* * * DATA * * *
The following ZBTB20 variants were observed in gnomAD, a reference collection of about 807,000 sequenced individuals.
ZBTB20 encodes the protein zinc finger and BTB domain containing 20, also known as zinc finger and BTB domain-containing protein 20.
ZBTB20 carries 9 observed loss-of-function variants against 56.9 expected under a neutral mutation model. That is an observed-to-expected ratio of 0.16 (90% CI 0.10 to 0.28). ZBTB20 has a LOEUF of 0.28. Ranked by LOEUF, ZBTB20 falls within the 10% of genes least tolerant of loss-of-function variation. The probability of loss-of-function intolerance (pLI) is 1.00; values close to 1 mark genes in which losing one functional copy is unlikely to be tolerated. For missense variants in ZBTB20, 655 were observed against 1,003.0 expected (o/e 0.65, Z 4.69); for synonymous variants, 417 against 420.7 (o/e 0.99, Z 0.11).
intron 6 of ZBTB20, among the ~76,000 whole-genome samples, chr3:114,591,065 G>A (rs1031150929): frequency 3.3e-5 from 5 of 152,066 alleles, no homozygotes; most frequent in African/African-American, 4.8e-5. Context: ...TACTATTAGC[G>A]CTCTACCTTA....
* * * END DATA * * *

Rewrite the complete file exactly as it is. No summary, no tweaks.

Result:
The following ZBTB20 variants were observed in gnomAD, a reference collection of about 807,000 sequenced individuals.
ZBTB20 encodes the protein zinc finger and BTB domain containing 20, also known as zinc finger and BTB domain-containing protein 20.
ZBTB20 carries 9 observed loss-of-function variants against 56.9 expected under a neutral mutation model. That is an observed-to-expected ratio of 0.16 (90% CI 0.10 to 0.28). ZBTB20 has a LOEUF of 0.28. Ranked by LOEUF, ZBTB20 falls within the 10% of genes least tolerant of loss-of-function variation. The probability of loss-of-function intolerance (pLI) is 1.00; values close to 1 mark genes in which losing one functional copy is unlikely to be tolerated. For missense variants in ZBTB20, 655 were observed against 1,003.0 expected (o/e 0.65, Z 4.69); for synonymous variants, 417 against 420.7 (o/e 0.99, Z 0.11).
intron 6 of ZBTB20, among the ~76,000 whole-genome samples, chr3:114,591,065 G>A (rs1031150929): frequency 3.3e-5 from 5 of 152,066 alleles, no homozygotes; most frequent in African/African-American, 4.8e-5. Context: ...TACTATTAGC[G>A]CTCTACCTTA....